Left ventricular assist device (LVAD) improves the survival of patients with severe end-stage heart failure under optimal medical therapy (1). The continuing development of long-term mechanical circulatory support over the last few decades has allowed the use of LVAD in bridge to transplant (BTT) or in destination therapy (DT) for selected patients. LVAD support is still associated with important adverse events that can lead to death (2). LVAD-associated infections are major complications and are associated with increased morbidity and mortality (3). Cellular immunity seems to be compromised by long-term LVAD support (4), which renders these patients more susceptible to bacterial and fungal infections (5).
LVAD-associated infections are the second most common adverse event after bleeding during the first 3 months after implantation (3). With extended LVAD support time, the risk of LVAD-associated infection increases (6,7). A study based on the Interagency Registry for Mechanically Assisted Circulatory Support (INTERMACS) registry revealed a significant number of percutaneous driveline infections within 8 months after implantation. In this study, age (<50 years) was the only predicting factor (8). The authors assumed a higher activity for patients aged <50 years than compared to that of the others, leading to increased trauma at the driveline exit site. Several others risk factors were identified, including older age, diabetes, larger body mass index, renal failure, malnutrition, and prolonged LVAD support (9-18).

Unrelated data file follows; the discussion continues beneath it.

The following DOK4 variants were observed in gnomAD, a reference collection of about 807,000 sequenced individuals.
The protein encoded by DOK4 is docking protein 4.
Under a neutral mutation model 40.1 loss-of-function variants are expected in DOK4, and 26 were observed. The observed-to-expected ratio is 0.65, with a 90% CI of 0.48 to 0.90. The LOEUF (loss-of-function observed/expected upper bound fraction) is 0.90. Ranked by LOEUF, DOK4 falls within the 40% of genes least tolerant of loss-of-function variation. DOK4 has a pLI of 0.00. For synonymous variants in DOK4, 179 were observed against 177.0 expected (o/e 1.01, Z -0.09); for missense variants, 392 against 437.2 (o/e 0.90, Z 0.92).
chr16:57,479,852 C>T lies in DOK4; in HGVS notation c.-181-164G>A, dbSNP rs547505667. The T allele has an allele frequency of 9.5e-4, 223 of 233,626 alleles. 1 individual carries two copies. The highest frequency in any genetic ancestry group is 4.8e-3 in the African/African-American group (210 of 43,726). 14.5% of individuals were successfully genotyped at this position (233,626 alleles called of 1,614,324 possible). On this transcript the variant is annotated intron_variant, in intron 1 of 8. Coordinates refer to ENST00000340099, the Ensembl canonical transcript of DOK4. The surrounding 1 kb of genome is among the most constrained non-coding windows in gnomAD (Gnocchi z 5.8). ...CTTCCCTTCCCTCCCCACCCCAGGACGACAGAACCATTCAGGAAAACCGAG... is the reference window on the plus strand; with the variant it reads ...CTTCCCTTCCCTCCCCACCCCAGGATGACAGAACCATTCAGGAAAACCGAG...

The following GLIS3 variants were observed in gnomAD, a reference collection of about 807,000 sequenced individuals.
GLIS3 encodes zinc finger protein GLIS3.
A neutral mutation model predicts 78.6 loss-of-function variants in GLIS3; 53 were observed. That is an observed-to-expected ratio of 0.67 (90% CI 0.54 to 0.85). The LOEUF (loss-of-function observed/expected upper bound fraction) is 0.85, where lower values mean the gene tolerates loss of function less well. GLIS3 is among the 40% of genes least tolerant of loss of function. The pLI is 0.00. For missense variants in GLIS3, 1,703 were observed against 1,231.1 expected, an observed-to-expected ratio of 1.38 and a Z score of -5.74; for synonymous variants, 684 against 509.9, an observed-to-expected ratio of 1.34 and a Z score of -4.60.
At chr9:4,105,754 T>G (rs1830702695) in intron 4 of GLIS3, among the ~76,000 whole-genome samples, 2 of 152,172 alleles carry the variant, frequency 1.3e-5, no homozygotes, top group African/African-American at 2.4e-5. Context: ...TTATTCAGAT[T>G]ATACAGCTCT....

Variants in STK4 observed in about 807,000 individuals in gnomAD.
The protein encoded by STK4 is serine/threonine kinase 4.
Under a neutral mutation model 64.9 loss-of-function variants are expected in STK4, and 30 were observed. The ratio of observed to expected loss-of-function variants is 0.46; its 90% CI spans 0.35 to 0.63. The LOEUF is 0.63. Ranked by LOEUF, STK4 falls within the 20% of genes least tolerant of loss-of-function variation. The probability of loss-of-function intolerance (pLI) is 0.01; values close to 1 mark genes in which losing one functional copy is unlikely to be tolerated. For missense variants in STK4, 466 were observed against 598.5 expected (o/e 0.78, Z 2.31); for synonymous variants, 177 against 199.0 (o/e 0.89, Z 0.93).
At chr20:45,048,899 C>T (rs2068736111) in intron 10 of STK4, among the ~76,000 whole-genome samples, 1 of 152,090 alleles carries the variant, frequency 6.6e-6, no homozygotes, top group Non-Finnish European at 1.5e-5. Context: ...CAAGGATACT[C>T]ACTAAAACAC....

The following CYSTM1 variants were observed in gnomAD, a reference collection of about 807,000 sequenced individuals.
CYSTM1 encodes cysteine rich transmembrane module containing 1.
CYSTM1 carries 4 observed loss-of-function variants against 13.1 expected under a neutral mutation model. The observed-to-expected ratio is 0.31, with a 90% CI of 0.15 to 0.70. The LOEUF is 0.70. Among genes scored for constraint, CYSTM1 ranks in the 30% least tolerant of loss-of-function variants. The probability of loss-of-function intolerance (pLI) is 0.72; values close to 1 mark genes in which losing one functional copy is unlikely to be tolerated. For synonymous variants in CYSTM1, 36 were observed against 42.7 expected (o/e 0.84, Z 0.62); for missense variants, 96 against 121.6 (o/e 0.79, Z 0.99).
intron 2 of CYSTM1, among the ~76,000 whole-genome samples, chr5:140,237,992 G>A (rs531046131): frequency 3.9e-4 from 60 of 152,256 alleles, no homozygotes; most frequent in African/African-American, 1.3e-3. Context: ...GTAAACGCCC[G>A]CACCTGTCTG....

However, data remain limited regarding risk factor analysis of LVAD-associated infections. The aim of this study was to assess the incidence of and to determine the risk factors for LVAD-associated infections.
Study population and data collection
This study was a retrospective analysis of all consecutive patients undergoing LVAD implantation between January 1, 2010, and January 1, 2019, at our institution. A total of 72 patients were enrolled in this single-center, observational study. For all consecutive patients operated on in our department, preoperative, intraoperative and postoperative data were systematically and prospectively collected in a database (ASTR, Access, Microsoft®). Infection-related data were retrospectively collected by review of patient’s medical files. Because, the study is a retrospective analysis of institutional data, and in compliance with the French law on clinical research, we only had to obtain French personal data protection authorization. We submitted our study to the national commission for data protection (CNIL) and obtained authorization. The study was approved by institutional ethic committee of the University Hospitals of Strasbourg.
Prevention of infection